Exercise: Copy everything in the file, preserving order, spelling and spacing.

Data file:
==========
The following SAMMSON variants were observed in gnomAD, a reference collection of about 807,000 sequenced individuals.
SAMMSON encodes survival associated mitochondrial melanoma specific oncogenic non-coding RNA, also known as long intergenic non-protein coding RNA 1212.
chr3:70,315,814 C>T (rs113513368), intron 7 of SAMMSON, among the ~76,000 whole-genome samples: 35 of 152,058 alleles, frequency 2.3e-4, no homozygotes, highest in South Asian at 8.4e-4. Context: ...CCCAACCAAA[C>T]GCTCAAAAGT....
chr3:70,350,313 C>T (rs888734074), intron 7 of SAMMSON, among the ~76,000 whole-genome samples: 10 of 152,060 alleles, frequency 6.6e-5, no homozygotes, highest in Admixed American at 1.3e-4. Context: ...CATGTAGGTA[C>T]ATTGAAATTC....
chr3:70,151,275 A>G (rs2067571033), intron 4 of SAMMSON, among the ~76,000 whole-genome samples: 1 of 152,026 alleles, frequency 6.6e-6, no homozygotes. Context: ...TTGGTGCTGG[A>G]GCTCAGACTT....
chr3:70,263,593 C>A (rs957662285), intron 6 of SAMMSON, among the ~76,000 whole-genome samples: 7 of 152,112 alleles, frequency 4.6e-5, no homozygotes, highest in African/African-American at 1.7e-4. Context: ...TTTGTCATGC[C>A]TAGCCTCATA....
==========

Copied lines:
The following SAMMSON variants were observed in gnomAD, a reference collection of about 807,000 sequenced individuals.
SAMMSON encodes survival associated mitochondrial melanoma specific oncogenic non-coding RNA, also known as long intergenic non-protein coding RNA 1212.
chr3:70,315,814 C>T (rs113513368), intron 7 of SAMMSON, among the ~76,000 whole-genome samples: 35 of 152,058 alleles, frequency 2.3e-4, no homozygotes, highest in South Asian at 8.4e-4. Context: ...CCCAACCAAA[C>T]GCTCAAAAGT....
chr3:70,350,313 C>T (rs888734074), intron 7 of SAMMSON, among the ~76,000 whole-genome samples: 10 of 152,060 alleles, frequency 6.6e-5, no homozygotes, highest in Admixed American at 1.3e-4. Context: ...CATGTAGGTA[C>T]ATTGAAATTC....
chr3:70,151,275 A>G (rs2067571033), intron 4 of SAMMSON, among the ~76,000 whole-genome samples: 1 of 152,026 alleles, frequency 6.6e-6, no homozygotes. Context: ...TTGGTGCTGG[A>G]GCTCAGACTT....
chr3:70,263,593 C>A (rs957662285), intron 6 of SAMMSON, among the ~76,000 whole-genome samples: 7 of 152,112 alleles, frequency 4.6e-5, no homozygotes, highest in African/African-American at 1.7e-4. Context: ...TTTGTCATGC[C>A]TAGCCTCATA....